Throughout Joe Biden’s campaign, he made clear that climate change, the environment, and “Clean Energy” were going to be anchors of his Presidential platform. What was less clear was how his administration would treat oil and gas beyond the expected counterbalance to the Trump Administration’s regulatory rollbacks – especially with respect to GHG emissions. On the big ticket items – drilling, fracking, leasing on federal lands, etc. – the campaign messages were mixed. Between Biden’s election and his inauguration, the speculation only increased about how moderate or progressive his approach would be on the industry.
On Inauguration day (Jan. 20), President Biden signed nine (9) Executive Orders addressing a wide range of policies. Most notably for the oil and gas industry was EO 13990, which among other things revoked the permit issued by President Trump for the Keystone XL Pipeline that had already been under construction for several years, and which was fully endorsed by Canada where it originated. That EO also imposed a moratorium on all activities related to the implementation of the Coastal Plain Oil and Gas Leasing Program in the Arctic National Wildlife Refuge and reinstated President Obama’s drilling moratorium in Arctic waters and the Bering Sea. As expected, the EO directed the EPA to propose new regulations to establish comprehensive standards of performance and emission guidelines for methane and VOC emissions from existing operations in the oil and gas sector, including exploration and production, transmission, processing, and storage segments by September 2021. Further, the EO revoked many of the Trump EO’s designed to create a more efficient and expedited federal permitting processes for infrastructure projects, including EO 13087 – One Federal Decision.
The following day, Acting Department of Interior Secretary Scott de la Vega issued Order No. 3395 that temporarily suspended delegated authority held by DOI regional staff for 60-days for specific actions. Most notably, Order 3395 “suspended” the issuance of all leases, permits, land sales, rights of way, and notices to proceed under previous surface use authorizations that will authorize ground-disturbing activities for fossil fuel development on federal lands both onshore and offshore without agency or bureau level approval.
On Wednesday, January 27, President Biden signed an EO entitled “Tackling the Climate Crisis at Home and Abroad”, which solidified the Administration’s commitment to the consideration of climate in all facets of governmental action. Section 208 of the EO ordered Secretary de la Vega to “pause all new oil and natural gas leases on public lands or in offshore waters pending a comprehensive review and reconsideration of Federal oil and gas permitting and leasing practices…” Then in Section 209, President Biden ordered all heads of agencies to report to OMB and his National Climate Advisor if and how they are subsidizing fossil fuels and ordered OMB to seek to eliminate all fossil fuel subsidies for Fiscal Year 2022. The Biden Administration insists that this is not a full ban on new leases, but merely a “pause” that will allow them sufficient time to revaluate how they will issue new leases going forward. Yet, while such an indefinite “pause” in federal land leases and sales still poses economic burdens for oil and gas developers, it is the anticipated follow up legislation or regulations that are most concerning for the future of the industry and economic wellbeing of many States that rely heavily on the production of oil and gas.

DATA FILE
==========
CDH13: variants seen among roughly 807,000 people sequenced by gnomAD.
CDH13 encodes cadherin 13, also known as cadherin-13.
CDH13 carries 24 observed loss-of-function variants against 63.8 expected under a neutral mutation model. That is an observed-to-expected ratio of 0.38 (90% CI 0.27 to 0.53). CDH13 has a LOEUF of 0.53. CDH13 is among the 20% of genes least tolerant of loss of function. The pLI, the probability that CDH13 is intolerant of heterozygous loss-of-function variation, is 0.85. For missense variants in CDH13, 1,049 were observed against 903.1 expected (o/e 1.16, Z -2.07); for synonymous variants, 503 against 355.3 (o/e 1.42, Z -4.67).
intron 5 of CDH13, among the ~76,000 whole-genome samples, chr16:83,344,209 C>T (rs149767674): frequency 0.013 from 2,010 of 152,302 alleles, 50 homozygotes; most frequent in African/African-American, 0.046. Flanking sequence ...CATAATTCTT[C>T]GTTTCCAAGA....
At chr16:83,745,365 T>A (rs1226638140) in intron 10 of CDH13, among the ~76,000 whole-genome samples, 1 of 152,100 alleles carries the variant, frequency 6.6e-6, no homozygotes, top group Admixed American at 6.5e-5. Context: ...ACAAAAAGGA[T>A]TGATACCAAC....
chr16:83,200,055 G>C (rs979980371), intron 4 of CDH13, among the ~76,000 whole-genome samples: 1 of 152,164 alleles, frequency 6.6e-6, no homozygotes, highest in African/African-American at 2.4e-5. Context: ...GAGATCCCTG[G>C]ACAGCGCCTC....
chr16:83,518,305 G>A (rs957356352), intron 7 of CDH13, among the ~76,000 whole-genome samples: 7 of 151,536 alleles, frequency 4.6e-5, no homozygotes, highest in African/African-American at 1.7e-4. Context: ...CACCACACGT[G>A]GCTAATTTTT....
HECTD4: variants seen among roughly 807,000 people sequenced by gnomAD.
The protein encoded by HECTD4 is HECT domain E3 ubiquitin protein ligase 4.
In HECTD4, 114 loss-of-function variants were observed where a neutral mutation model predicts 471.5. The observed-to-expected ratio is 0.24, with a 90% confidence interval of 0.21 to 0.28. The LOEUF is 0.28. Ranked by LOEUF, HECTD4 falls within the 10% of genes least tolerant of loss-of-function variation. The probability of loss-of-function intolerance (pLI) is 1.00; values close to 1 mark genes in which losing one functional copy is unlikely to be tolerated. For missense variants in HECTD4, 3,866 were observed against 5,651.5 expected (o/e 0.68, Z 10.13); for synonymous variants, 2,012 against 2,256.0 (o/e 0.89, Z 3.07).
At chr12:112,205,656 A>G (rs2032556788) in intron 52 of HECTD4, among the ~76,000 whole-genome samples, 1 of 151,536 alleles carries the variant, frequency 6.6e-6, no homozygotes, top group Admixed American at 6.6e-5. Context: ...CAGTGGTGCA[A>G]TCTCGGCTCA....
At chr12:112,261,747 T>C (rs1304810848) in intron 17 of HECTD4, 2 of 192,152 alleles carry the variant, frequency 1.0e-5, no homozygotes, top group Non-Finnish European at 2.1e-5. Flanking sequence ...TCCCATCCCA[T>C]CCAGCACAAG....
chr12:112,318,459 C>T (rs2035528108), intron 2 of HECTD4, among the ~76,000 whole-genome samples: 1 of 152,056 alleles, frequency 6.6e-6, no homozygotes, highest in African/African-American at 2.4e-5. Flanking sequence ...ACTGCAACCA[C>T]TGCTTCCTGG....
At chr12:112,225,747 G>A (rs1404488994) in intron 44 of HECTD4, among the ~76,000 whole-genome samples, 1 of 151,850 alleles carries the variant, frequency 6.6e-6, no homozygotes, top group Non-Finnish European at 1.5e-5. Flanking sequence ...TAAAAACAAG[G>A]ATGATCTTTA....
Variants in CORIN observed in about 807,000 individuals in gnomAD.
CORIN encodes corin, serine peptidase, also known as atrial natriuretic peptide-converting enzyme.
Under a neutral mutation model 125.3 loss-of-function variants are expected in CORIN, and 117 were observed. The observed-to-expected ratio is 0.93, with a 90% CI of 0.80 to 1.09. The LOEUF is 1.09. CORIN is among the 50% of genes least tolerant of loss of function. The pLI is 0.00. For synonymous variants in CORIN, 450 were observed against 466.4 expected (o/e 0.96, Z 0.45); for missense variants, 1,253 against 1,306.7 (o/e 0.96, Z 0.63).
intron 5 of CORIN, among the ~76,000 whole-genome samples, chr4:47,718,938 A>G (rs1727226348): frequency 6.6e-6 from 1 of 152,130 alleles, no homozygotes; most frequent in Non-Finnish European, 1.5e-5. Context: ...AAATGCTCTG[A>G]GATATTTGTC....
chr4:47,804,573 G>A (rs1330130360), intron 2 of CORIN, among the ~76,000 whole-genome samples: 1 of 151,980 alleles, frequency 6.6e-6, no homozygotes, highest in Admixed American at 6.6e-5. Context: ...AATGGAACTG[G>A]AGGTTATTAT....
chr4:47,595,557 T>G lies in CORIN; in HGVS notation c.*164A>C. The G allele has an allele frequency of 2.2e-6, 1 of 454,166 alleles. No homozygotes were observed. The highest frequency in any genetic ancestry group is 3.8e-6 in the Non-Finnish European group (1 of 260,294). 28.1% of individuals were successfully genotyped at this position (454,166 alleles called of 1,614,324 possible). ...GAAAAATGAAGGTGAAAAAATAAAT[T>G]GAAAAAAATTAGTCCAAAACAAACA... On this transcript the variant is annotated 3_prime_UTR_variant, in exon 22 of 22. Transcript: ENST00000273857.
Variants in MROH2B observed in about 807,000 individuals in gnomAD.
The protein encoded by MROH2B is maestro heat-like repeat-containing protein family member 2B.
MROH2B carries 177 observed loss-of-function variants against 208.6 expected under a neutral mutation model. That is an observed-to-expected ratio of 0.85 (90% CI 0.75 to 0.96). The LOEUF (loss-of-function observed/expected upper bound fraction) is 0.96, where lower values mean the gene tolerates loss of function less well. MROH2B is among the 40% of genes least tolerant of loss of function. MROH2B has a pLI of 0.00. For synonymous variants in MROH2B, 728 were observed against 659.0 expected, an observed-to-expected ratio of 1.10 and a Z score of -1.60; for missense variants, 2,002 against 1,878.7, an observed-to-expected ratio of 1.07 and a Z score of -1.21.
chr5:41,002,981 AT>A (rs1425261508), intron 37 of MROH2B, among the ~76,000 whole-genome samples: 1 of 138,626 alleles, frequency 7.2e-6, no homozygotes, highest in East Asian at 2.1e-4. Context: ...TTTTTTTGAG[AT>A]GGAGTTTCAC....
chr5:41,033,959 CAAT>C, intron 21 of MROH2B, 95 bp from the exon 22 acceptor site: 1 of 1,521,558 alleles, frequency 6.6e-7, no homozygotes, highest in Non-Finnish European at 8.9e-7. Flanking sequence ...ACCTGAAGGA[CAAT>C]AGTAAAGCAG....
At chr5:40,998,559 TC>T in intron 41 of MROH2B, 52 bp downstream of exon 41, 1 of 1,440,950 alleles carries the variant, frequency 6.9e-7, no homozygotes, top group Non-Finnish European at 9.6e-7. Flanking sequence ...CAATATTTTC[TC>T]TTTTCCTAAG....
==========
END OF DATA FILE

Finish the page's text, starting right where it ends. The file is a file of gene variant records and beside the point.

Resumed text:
The industry response has already been swift. On January 27, Western Energy Alliance filed a Petition for Review of President Biden’s EO in Federal Court in Wyoming. On January 28, Texas Governor Greg Abbott issued his own EO GA-33 entitled Protecting Energy Industry from Federal Overreach. While Texas has practically no federal lands, Texas is home to many of the country’s major fossil fuel companies and workforce. Governor Abbott’s EO directed all of his state agencies to use all lawful powers and tools to challenge any federal action that threatens the continued strength, vitality, and independence of the energy industry. Then on January 28, U.S. Senator Cynthia Lummis (R-WY) and 24 other Senate Republicans from key energy states introduced the POWER Act which seeks to require Congressional approval to ban fossil fuel development. A companion House bill was also submitted.
In a conference call with industry groups on January 29, the Gulf of Mexico Region offices of BOEM and BSEE advised that they were awaiting instruction from the Department and Agency levels as to what authority they would retain with respect to the review, approval, and renewal of offshore leases and permits. They confirmed on the call that Order 3395 and Biden’s January 27 EO had no effect on existing leases or permits, but recent reports have come out that DOI has revoked 70 previously-approved drilling permits in the past few days.
The fossil fuel industry was always going to be a battleground for the Biden Administration; it was the scope and severity of that conflict that hard to predict. To be sure, any restrictions imposed on the industry will have to survive challenges from within the federal government and from outside lawsuits. This story is only starting to unfold and it’s one we will continue to monitor and report on.